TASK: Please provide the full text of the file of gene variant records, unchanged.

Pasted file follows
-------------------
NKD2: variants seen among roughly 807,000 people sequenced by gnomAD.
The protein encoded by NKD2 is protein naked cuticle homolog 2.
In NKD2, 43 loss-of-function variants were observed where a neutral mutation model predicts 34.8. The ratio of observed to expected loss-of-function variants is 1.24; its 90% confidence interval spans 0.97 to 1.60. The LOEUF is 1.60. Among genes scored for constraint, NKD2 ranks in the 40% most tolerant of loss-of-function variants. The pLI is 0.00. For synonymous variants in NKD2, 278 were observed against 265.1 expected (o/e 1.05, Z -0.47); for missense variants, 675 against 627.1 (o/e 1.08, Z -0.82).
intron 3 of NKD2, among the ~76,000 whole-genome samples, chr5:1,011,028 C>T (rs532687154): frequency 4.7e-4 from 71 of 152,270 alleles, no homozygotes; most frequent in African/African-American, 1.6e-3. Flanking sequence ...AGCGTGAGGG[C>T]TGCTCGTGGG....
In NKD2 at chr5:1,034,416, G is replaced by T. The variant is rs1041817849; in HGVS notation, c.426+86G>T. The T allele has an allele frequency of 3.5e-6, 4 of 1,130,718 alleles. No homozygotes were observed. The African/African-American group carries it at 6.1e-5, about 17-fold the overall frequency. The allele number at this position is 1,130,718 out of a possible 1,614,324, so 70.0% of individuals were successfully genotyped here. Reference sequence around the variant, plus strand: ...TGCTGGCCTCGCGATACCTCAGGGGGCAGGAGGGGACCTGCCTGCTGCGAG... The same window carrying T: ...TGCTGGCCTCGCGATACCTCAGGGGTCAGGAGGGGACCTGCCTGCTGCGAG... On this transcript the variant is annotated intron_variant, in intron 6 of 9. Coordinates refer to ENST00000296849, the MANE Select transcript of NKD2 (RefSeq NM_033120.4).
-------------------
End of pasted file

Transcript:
NKD2: variants seen among roughly 807,000 people sequenced by gnomAD.
The protein encoded by NKD2 is protein naked cuticle homolog 2.
In NKD2, 43 loss-of-function variants were observed where a neutral mutation model predicts 34.8. The ratio of observed to expected loss-of-function variants is 1.24; its 90% confidence interval spans 0.97 to 1.60. The LOEUF is 1.60. Among genes scored for constraint, NKD2 ranks in the 40% most tolerant of loss-of-function variants. The pLI is 0.00. For synonymous variants in NKD2, 278 were observed against 265.1 expected (o/e 1.05, Z -0.47); for missense variants, 675 against 627.1 (o/e 1.08, Z -0.82).
intron 3 of NKD2, among the ~76,000 whole-genome samples, chr5:1,011,028 C>T (rs532687154): frequency 4.7e-4 from 71 of 152,270 alleles, no homozygotes; most frequent in African/African-American, 1.6e-3. Flanking sequence ...AGCGTGAGGG[C>T]TGCTCGTGGG....
In NKD2 at chr5:1,034,416, G is replaced by T. The variant is rs1041817849; in HGVS notation, c.426+86G>T. The T allele has an allele frequency of 3.5e-6, 4 of 1,130,718 alleles. No homozygotes were observed. The African/African-American group carries it at 6.1e-5, about 17-fold the overall frequency. The allele number at this position is 1,130,718 out of a possible 1,614,324, so 70.0% of individuals were successfully genotyped here. Reference sequence around the variant, plus strand: ...TGCTGGCCTCGCGATACCTCAGGGGGCAGGAGGGGACCTGCCTGCTGCGAG... The same window carrying T: ...TGCTGGCCTCGCGATACCTCAGGGGTCAGGAGGGGACCTGCCTGCTGCGAG... On this transcript the variant is annotated intron_variant, in intron 6 of 9. Coordinates refer to ENST00000296849, the MANE Select transcript of NKD2 (RefSeq NM_033120.4).